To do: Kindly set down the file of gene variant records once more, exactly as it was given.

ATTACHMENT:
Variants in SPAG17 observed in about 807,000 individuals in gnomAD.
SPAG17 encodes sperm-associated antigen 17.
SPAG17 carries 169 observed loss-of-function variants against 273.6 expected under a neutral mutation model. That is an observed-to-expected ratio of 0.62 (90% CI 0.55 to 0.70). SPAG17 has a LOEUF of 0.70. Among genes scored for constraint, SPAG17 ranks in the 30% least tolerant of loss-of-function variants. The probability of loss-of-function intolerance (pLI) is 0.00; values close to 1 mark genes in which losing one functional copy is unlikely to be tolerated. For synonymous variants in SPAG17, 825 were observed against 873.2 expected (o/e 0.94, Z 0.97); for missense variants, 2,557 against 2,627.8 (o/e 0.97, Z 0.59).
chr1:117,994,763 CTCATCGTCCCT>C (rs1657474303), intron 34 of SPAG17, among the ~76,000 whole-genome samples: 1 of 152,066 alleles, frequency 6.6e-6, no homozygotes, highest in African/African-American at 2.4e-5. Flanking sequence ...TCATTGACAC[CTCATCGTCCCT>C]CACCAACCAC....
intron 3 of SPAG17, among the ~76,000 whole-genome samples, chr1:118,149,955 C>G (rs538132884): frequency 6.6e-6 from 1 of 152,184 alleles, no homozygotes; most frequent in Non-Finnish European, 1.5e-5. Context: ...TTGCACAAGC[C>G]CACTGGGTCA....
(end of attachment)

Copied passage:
Variants in SPAG17 observed in about 807,000 individuals in gnomAD.
SPAG17 encodes sperm-associated antigen 17.
SPAG17 carries 169 observed loss-of-function variants against 273.6 expected under a neutral mutation model. That is an observed-to-expected ratio of 0.62 (90% CI 0.55 to 0.70). SPAG17 has a LOEUF of 0.70. Among genes scored for constraint, SPAG17 ranks in the 30% least tolerant of loss-of-function variants. The probability of loss-of-function intolerance (pLI) is 0.00; values close to 1 mark genes in which losing one functional copy is unlikely to be tolerated. For synonymous variants in SPAG17, 825 were observed against 873.2 expected (o/e 0.94, Z 0.97); for missense variants, 2,557 against 2,627.8 (o/e 0.97, Z 0.59).
chr1:117,994,763 CTCATCGTCCCT>C (rs1657474303), intron 34 of SPAG17, among the ~76,000 whole-genome samples: 1 of 152,066 alleles, frequency 6.6e-6, no homozygotes, highest in African/African-American at 2.4e-5. Flanking sequence ...TCATTGACAC[CTCATCGTCCCT>C]CACCAACCAC....
intron 3 of SPAG17, among the ~76,000 whole-genome samples, chr1:118,149,955 C>G (rs538132884): frequency 6.6e-6 from 1 of 152,184 alleles, no homozygotes; most frequent in Non-Finnish European, 1.5e-5. Context: ...TTGCACAAGC[C>G]CACTGGGTCA....